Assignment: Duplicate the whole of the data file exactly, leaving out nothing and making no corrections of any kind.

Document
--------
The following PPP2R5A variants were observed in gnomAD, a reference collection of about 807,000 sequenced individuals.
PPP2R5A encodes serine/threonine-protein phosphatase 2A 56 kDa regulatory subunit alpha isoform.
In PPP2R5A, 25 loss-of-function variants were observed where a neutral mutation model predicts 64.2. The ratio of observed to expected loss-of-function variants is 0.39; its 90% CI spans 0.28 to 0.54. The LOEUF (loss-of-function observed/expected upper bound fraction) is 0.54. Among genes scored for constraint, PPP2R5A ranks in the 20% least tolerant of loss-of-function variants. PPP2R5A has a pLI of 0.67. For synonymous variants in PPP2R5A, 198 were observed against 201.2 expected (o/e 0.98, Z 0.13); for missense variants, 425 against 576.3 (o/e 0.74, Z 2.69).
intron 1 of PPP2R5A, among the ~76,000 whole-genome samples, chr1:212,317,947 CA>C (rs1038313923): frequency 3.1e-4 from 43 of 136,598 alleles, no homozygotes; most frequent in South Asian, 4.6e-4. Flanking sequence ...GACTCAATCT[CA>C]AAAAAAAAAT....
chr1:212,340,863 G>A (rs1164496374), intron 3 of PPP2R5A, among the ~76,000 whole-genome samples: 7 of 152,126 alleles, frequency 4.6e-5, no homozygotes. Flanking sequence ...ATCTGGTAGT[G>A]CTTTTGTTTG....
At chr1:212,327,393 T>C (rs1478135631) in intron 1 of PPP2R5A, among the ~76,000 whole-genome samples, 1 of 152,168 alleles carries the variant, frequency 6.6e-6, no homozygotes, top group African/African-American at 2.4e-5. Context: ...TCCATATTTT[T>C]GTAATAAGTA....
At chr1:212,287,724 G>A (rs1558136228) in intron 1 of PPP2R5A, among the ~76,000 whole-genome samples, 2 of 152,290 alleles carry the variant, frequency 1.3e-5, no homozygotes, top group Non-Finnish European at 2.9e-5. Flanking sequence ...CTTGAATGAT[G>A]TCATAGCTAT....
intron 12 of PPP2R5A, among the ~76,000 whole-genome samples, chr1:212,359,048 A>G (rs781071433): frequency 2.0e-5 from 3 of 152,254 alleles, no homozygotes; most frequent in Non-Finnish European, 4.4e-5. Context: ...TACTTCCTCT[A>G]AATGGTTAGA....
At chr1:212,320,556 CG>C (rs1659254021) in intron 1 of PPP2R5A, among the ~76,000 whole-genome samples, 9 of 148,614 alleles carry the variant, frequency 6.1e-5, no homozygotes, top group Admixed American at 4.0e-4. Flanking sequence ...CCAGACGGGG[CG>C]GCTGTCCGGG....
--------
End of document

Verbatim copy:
The following PPP2R5A variants were observed in gnomAD, a reference collection of about 807,000 sequenced individuals.
PPP2R5A encodes serine/threonine-protein phosphatase 2A 56 kDa regulatory subunit alpha isoform.
In PPP2R5A, 25 loss-of-function variants were observed where a neutral mutation model predicts 64.2. The ratio of observed to expected loss-of-function variants is 0.39; its 90% CI spans 0.28 to 0.54. The LOEUF (loss-of-function observed/expected upper bound fraction) is 0.54. Among genes scored for constraint, PPP2R5A ranks in the 20% least tolerant of loss-of-function variants. PPP2R5A has a pLI of 0.67. For synonymous variants in PPP2R5A, 198 were observed against 201.2 expected (o/e 0.98, Z 0.13); for missense variants, 425 against 576.3 (o/e 0.74, Z 2.69).
intron 1 of PPP2R5A, among the ~76,000 whole-genome samples, chr1:212,317,947 CA>C (rs1038313923): frequency 3.1e-4 from 43 of 136,598 alleles, no homozygotes; most frequent in South Asian, 4.6e-4. Flanking sequence ...GACTCAATCT[CA>C]AAAAAAAAAT....
chr1:212,340,863 G>A (rs1164496374), intron 3 of PPP2R5A, among the ~76,000 whole-genome samples: 7 of 152,126 alleles, frequency 4.6e-5, no homozygotes. Flanking sequence ...ATCTGGTAGT[G>A]CTTTTGTTTG....
At chr1:212,327,393 T>C (rs1478135631) in intron 1 of PPP2R5A, among the ~76,000 whole-genome samples, 1 of 152,168 alleles carries the variant, frequency 6.6e-6, no homozygotes, top group African/African-American at 2.4e-5. Context: ...TCCATATTTT[T>C]GTAATAAGTA....
At chr1:212,287,724 G>A (rs1558136228) in intron 1 of PPP2R5A, among the ~76,000 whole-genome samples, 2 of 152,290 alleles carry the variant, frequency 1.3e-5, no homozygotes, top group Non-Finnish European at 2.9e-5. Flanking sequence ...CTTGAATGAT[G>A]TCATAGCTAT....
intron 12 of PPP2R5A, among the ~76,000 whole-genome samples, chr1:212,359,048 A>G (rs781071433): frequency 2.0e-5 from 3 of 152,254 alleles, no homozygotes; most frequent in Non-Finnish European, 4.4e-5. Context: ...TACTTCCTCT[A>G]AATGGTTAGA....
At chr1:212,320,556 CG>C (rs1659254021) in intron 1 of PPP2R5A, among the ~76,000 whole-genome samples, 9 of 148,614 alleles carry the variant, frequency 6.1e-5, no homozygotes, top group Admixed American at 4.0e-4. Flanking sequence ...CCAGACGGGG[CG>C]GCTGTCCGGG....